Public school board hosts seventh annual event at Lakehead University's Orillia campus 0
Macy Burns, 11, of Hewitt's Creek Public School in Barrie, creates an aboriginal drum during the Simcoe County District School Board's seventh annual Gifted Outreach Conference at Lakehead University's Orillia campus. More than 300 gifted students took part. SARA ROSS QMI AGENCY
Working alongside like-minded peers helps Owen Carruthers feel he belongs for the first time.
“When I went to school before, I was an outsider,” Carruthers said Friday. “I knew more than the other people so people bugged me and tried to bully me.”
The 12-year-old used to attend Ardtrea Cumberland Beach Public School and now feels at home in Orchard Park Public School's gifted program.
“I used to go to Cumberland Beach and I was not getting along with anybody,” Carruthers said. “They just didn't like me.”
On Friday, the Grade 7 student joined more than 300 other students at Simcoe County District School Board's seventh annual Gifted Outreach Conference at Lakehead University's Orillia campus.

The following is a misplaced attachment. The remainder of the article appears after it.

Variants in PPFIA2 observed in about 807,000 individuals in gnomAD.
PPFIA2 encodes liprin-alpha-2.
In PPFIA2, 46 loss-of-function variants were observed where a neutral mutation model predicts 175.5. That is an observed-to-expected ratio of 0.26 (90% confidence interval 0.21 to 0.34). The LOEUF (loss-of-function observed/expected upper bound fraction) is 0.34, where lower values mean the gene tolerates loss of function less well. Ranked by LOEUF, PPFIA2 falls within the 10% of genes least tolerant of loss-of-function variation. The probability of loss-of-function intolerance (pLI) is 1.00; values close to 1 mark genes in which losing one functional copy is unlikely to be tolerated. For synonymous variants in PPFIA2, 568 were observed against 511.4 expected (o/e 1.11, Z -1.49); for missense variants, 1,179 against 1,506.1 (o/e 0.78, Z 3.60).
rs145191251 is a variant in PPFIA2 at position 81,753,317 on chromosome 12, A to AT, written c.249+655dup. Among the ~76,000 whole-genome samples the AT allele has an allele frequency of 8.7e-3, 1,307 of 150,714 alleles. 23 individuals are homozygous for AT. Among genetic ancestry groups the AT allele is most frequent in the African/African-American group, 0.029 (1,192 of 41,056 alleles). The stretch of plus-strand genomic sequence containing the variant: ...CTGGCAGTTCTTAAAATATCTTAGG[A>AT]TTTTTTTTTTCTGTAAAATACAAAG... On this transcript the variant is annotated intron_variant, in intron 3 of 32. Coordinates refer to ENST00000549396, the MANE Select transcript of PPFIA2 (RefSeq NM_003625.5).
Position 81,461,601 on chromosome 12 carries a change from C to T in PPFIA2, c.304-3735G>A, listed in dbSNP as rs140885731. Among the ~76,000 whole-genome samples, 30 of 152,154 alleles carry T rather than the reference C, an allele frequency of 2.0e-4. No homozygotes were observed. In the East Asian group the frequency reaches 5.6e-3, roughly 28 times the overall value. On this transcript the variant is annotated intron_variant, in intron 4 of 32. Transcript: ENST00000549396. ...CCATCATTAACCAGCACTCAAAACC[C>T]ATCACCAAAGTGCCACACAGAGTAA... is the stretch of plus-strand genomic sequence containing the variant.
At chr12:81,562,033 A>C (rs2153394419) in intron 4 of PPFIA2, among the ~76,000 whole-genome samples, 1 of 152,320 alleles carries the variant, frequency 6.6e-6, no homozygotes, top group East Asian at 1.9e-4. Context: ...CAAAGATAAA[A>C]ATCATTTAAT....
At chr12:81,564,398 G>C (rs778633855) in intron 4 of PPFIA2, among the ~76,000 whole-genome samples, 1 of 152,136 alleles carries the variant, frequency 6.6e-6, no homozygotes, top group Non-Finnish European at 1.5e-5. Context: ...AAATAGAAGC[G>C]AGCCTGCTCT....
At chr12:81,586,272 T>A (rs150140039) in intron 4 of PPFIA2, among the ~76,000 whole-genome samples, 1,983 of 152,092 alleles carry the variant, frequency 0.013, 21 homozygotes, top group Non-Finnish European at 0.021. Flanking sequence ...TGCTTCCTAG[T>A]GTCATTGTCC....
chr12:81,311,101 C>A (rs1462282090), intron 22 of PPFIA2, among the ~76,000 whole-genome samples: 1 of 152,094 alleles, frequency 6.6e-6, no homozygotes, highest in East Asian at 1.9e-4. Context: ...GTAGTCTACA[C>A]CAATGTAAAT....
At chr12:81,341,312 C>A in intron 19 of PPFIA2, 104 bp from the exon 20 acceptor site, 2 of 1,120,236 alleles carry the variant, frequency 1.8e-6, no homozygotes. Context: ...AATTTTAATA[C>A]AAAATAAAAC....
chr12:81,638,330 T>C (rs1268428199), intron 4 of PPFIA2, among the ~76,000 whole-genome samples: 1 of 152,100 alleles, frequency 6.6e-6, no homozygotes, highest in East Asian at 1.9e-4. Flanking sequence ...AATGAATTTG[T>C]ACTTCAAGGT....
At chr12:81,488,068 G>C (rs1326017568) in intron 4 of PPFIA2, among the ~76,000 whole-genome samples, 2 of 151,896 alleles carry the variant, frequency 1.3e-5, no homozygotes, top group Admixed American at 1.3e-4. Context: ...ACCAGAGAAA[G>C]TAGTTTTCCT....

“It's good because then you don't feel alone,” Carruthers said.
Macy Burns, 11, of Hewitt's Creek Public School in Barrie, feels the same way.
“It's pretty cool that gifted kids come together and do stuff together,” the Grade 5 student said. “I feel like I'm left out of the crowd at my school, so I like to be with other kids that are like me.”
This year's conference centred around an aboriginal theme.
Students took part in 11 workshops in areas of language, sciences, art, music, physical education and more.
The conference was attended by gifted students in grades 4 to 8.
In a technology workshop based on aboriginal weaponry, Carruthers carved his own spear.
“Hunting for food was one of the most important things,” he said. “I haven't learned much about aboriginals so it's something different and unique to learn.”
All of the workshops were designed by Lakehead student volunteers in Lakehead's bachelor of education program. They were supervised by the Gifted Leadership Team from the school board.
Student teacher Alex McDonnell had students creating aboriginal drums.
“We really wanted to focus on something artistic,” she said. “That's how we came up with combining music and visual arts together with the aboriginal drum.”
Traditionally, drums are made from animal skin stretched across a wooden frame. Students made their drums from tubing, packing tape and brown paper.
“We're going to sit down and talk about how you get the best sound out of them,” McDonnell said. “Hopefully, all the students will get a chance to say something about a significant design on their drum.”